There is a certain style of artwork that reproduces well with our process, and fortunately a lot of great art falls into this category! Here is an example of an original image from a 19th century volume (one of the first we collected 18 years ago) called “The Illustrated Dictionary of Gardening”. This is what it looks like on the page of the book we found it in – look closely and you will see there are some very fine lines in this engraving. We won’t be able to capture them all in the rubber stamp (and you can’t capture grayscale, just black and white) but we will get a lot of them. Each piece of artwork needs to be scanned, and then carefully digitally edited and prepared to make it into the best possible stamp image.


The Rubber Die

The part of a stamp that is the formed and trimmed piece of rubber that is pressed against a page to make an image is called a rubber die. The die is made by a process called vulcanization where through heat and pressure it is formed into the stamp image.

The first step in making a rubber die is creating an etched magnesium plate. The magnesium metal plate is coated with a photoresist material, and exposed to light by a laser. The laser creates a very detailed image the dark areas on the image, hardening the places exposed to the light. When the photoresist is washed, the hardened places remain and the areas not exposed by the laser wash away, leaving a trace of the stamp image.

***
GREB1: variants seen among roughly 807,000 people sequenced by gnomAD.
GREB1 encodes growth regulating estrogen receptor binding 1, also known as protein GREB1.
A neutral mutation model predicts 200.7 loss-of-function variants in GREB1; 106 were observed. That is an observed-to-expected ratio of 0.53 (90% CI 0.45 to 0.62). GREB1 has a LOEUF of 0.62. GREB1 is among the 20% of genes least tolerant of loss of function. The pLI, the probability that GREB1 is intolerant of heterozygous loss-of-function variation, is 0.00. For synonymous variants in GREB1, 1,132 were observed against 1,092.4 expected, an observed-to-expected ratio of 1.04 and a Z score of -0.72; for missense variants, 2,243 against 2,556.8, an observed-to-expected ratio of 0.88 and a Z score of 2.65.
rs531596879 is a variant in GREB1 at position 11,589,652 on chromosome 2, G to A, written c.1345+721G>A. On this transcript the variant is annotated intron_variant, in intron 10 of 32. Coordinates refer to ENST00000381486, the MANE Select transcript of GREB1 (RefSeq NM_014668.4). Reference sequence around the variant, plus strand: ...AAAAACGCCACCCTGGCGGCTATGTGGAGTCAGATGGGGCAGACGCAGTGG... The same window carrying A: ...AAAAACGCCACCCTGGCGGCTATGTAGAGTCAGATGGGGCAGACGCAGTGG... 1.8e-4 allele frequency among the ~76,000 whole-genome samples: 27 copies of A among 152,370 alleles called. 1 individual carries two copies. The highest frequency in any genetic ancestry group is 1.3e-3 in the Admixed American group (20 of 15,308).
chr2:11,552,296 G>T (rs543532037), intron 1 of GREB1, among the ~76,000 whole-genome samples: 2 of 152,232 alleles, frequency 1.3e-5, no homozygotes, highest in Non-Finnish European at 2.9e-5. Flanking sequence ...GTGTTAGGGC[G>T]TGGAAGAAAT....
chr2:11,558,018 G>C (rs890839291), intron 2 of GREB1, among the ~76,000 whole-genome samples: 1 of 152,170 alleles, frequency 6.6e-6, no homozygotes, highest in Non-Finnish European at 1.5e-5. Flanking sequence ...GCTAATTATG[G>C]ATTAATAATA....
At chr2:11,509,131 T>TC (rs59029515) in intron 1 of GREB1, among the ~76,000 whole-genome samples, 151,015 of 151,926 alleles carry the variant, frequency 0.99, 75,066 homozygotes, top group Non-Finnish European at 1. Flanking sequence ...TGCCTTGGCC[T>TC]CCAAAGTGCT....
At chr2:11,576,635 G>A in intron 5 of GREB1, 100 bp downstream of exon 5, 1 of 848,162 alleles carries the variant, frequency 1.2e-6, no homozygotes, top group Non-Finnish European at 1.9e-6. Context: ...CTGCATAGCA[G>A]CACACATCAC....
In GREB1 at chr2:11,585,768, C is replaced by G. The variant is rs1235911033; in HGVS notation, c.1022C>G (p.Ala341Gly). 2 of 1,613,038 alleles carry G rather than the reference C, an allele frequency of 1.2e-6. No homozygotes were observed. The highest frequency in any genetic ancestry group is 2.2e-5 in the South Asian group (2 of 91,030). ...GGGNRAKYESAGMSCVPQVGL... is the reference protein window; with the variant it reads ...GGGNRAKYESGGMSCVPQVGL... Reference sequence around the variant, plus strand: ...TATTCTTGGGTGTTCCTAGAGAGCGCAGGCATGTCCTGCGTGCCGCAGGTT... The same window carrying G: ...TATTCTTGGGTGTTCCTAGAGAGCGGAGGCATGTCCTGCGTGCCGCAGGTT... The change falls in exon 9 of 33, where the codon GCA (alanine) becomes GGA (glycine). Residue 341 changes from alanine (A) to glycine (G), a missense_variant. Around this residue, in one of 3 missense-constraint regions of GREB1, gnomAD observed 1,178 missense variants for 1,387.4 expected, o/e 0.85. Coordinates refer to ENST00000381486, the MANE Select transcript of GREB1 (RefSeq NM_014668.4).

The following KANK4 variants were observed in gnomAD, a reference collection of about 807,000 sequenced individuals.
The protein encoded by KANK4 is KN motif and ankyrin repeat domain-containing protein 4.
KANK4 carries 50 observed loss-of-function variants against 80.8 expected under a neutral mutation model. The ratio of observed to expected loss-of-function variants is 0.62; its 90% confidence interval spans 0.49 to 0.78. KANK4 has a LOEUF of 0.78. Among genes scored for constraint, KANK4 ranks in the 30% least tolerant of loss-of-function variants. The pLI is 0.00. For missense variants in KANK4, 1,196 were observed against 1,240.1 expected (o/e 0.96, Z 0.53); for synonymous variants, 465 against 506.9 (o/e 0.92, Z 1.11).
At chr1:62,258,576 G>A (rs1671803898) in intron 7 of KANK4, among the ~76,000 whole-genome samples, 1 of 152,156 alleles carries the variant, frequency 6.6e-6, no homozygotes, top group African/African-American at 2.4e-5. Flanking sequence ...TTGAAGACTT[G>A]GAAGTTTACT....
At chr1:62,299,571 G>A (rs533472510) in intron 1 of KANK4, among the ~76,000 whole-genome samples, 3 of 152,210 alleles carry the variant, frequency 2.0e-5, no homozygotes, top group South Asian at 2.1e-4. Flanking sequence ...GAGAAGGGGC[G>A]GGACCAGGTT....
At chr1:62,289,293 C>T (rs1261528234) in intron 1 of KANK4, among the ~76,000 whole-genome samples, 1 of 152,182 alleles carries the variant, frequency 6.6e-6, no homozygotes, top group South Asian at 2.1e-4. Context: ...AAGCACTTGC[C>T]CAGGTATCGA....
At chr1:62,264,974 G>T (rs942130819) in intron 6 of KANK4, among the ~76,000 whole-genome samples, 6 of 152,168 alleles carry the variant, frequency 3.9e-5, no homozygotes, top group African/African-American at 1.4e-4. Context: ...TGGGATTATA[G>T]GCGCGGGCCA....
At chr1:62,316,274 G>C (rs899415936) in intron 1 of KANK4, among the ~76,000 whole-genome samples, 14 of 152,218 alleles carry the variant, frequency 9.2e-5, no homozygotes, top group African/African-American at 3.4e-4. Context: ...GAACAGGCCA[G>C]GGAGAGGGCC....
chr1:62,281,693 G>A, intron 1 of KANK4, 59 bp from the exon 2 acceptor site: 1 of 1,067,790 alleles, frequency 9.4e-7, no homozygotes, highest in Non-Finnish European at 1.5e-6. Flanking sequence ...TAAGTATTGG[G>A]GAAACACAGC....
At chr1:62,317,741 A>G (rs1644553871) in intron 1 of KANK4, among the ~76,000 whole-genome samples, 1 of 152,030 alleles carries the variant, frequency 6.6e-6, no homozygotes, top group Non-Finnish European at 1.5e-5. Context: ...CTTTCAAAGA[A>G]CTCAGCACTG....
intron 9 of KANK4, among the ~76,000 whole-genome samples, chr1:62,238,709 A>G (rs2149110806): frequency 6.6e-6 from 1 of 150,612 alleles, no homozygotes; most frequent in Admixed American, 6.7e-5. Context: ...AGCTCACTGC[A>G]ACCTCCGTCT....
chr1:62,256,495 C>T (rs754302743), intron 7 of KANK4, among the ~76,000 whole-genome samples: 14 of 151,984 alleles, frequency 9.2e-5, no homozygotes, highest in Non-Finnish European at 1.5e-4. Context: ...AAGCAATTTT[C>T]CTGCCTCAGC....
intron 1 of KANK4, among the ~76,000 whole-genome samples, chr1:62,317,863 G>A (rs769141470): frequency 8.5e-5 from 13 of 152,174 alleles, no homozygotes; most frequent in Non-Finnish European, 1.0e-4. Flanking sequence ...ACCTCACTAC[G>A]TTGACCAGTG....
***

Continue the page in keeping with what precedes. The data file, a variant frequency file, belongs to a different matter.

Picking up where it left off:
Next, the magnesium plate is exposed to an acid bath. It isn’t actually immersed in the bath, it is suspended above the bath of nitric acid, and then spinning paddles splash the acid onto the face of the plate where the places not coated by the photo resist are gradually etched away. The paddles can be manipulated to control the exposure of the plate to the acid. This determines the depth of the etch, as well as the angle of the shoulder that supports each of the surface lines on the finished stamp.

For some products, it is best to have the shoulder be nearly vertical, but for rubber stamps you actually want the shoulder to be about a 30% slope. This means that fine lines that can stand on their own and not flop over when you press on them, because they are buttressed on the sides by the shoulder.

In the next step of the process, the positive/raised images of the metal plate are pressed against a polymer “matrix board” which forms a negative mold for shaping the rubber. The rubber is placed against this mold in a vulcanizer, and shaped into the rubber die that contains the stamp images.

Nature’s Blessings uses a high-grade red rubber specially formulated for vulcanizing rubber stamps. It has a uniform consistency and plasticity which means that all parts of the finished stamp will respond similarly when you apply pressure to imprint it. And see? It looks so pretty…


The Foam Cushion